3. Changes in Body Image [ Time Frame: baseline to 6 months ]
    Changes in self-reported body image were assessed at baseline, three, and six months using the Appearance subscale of the Multidimensional Body Image Questionnaire. The subscale has a range of 0 to 42, with higher scores indicating better body image. A comparison of body image scores between groups and over time from baseline to 3 and 6 months was considered a secondary outcome and analyzed using repeated measures MANOVA.

  4. Changes in Barriers to Weight Tracking [ Time Frame: baseline to 6 months ]
    Perceived barriers to self-weighing were assessed at baseline, three, and six months using a scale created for this study. The scale has a range of 18 to 90, with higher scores indicating greater perceptions of barriers to self-weighing. A comparison of barriers scores between groups and over time from baseline to 3 and 6 months was considered a secondary outcome and analyzed using repeated measures MANOVA.

  5. Changes in Perceptions of Weight Tracking [ Time Frame: three to six months ]
    Perceptions of weight tracking (ease of remembering and understanding, usefulness, awareness, interest, reward value, satisfaction, motivational value) were assessed at three and six months using a scale created for the study. The scale has a range of 0 to 64, with higher scores indicating greater perceptions of favorability of weight tracking. A comparison of perceptions scores between groups and over time from 3 and 6 months was considered a secondary outcome and analyzed using repeated measures MANOVA.



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Ages Eligible for Study:   18 Years to 64 Years   (Adult)
Sexes Eligible for Study:   All
Accepts Healthy Volunteers:   Yes
Criteria

Inclusion Criteria:

  • Body mass index between 25 and 35 kg/m2

Exclusion Criteria:

  • Current weight loss program participation
  • Chronic health conditions (diabetes, cancer, heart disease, psychiatric disorders requiring medication)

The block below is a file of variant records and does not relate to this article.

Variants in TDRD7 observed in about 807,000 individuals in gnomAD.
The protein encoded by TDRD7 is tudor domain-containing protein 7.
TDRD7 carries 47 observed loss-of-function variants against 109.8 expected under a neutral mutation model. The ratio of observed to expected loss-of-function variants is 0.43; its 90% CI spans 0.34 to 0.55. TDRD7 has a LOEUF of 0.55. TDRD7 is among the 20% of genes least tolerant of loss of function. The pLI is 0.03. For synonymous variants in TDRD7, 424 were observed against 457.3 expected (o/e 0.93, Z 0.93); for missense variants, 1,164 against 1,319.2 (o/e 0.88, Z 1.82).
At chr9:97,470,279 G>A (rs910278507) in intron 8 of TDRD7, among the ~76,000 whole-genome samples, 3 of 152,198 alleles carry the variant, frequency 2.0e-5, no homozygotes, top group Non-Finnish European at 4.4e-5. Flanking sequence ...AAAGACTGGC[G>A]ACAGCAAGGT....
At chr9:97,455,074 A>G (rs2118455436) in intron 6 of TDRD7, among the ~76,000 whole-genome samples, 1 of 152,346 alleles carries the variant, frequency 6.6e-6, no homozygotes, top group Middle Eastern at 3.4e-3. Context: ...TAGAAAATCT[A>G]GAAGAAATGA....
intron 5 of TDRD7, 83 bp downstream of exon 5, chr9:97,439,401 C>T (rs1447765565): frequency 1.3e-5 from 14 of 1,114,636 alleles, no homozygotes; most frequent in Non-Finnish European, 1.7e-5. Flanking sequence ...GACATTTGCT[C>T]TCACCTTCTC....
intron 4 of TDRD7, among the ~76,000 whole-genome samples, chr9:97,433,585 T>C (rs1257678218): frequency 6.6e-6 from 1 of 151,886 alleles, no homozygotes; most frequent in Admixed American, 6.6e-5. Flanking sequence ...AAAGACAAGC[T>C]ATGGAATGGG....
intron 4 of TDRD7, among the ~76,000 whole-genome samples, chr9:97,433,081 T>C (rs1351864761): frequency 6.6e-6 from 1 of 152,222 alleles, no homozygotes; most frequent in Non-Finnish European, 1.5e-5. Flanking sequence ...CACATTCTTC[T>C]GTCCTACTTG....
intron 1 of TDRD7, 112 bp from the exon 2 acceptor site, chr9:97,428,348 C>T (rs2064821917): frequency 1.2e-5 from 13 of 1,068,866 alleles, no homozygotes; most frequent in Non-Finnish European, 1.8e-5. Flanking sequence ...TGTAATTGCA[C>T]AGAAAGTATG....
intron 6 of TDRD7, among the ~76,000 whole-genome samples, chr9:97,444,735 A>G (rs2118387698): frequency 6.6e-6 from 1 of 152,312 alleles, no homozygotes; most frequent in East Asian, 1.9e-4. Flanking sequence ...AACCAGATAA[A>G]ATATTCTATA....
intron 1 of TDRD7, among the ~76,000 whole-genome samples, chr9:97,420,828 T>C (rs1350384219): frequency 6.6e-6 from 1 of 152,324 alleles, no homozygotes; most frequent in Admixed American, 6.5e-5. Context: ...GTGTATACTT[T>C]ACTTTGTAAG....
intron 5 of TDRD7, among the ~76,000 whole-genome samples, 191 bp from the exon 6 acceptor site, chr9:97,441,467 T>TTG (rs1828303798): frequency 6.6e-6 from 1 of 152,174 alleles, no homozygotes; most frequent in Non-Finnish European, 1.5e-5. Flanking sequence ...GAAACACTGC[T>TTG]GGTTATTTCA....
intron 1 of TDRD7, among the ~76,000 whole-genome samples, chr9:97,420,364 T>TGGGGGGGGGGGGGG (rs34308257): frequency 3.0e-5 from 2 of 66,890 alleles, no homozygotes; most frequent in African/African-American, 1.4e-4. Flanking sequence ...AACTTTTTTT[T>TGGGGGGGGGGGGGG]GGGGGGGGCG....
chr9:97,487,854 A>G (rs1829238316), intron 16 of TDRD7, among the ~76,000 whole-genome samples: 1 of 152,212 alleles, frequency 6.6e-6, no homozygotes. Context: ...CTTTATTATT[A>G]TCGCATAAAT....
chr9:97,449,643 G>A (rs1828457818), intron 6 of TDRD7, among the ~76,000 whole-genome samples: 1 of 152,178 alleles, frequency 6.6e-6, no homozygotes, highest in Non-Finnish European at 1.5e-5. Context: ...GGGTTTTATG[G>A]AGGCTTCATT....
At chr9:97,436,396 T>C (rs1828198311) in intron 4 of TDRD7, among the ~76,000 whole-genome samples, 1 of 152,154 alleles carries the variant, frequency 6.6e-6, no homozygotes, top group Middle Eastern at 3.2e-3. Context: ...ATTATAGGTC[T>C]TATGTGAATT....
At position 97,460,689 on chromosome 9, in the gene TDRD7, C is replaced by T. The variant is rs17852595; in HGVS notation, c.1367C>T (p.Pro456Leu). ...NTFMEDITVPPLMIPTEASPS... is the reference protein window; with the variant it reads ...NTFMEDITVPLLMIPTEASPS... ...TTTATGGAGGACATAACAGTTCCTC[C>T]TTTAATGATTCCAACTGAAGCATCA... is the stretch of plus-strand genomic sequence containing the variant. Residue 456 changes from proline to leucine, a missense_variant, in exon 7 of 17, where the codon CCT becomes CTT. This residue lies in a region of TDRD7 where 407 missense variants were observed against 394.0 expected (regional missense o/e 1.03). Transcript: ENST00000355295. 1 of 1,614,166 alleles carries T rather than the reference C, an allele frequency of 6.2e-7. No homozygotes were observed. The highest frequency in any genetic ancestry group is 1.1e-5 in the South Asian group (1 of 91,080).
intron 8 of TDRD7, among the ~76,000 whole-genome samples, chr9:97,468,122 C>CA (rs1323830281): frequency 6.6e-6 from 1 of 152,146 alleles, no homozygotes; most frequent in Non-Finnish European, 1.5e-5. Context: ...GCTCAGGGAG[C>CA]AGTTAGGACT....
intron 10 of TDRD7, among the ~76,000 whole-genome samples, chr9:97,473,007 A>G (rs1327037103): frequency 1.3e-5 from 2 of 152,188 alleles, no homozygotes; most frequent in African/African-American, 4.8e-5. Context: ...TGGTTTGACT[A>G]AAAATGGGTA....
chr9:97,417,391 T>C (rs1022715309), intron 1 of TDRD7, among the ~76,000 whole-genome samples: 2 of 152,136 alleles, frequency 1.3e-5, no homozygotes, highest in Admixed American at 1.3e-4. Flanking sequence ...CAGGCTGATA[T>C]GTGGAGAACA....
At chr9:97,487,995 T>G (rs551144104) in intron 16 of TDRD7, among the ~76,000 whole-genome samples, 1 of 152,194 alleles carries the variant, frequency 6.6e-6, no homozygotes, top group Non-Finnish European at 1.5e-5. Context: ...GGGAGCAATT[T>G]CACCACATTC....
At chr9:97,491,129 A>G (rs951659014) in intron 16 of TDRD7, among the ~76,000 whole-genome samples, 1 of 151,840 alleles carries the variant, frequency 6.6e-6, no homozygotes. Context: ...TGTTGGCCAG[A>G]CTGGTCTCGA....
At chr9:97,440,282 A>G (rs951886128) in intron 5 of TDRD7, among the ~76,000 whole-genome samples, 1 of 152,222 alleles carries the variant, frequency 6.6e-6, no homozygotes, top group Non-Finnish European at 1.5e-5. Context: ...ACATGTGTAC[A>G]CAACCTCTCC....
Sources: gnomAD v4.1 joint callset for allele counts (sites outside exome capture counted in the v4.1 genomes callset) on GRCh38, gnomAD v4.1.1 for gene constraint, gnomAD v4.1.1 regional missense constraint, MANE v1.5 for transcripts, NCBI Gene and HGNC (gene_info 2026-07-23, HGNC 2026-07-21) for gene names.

• Current or past eating disorder
  • Current pregnancy or pregnant in past year

Information from the National Library of Medicine

To learn more about this study, you or your doctor may contact the study research staff using the contact information provided by the sponsor.

Please refer to this study by its ClinicalTrials.gov identifier (NCT number): NCT01966926


Locations
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United States, Minnesota
University of Minnesota
Minneapolis, Minnesota, United States, 55454
Sponsors and Collaborators
University of Minnesota - Clinical and Translational Science Institute
Investigators
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Principal Investigator: Jennifer A Linde, Ph.D. University of Minnesota - Clinical and Translational Science Institute

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Responsible Party: University of Minnesota - Clinical and Translational Science Institute
ClinicalTrials.gov Identifier: NCT01966926     History of Changes
Other Study ID Numbers: GIA21417
First Posted: October 22, 2013    Key Record Dates
Results First Posted: February 7, 2014
Last Update Posted: April 29, 2015
Last Verified: April 2015

Keywords provided by University of Minnesota - Clinical and Translational Science Institute:
self monitoring
self weighing
weight tracking
psychosocial outcomes
feasibility

Additional relevant MeSH terms:
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Body Weight
Weight Loss
Signs and Symptoms
Body Weight Changes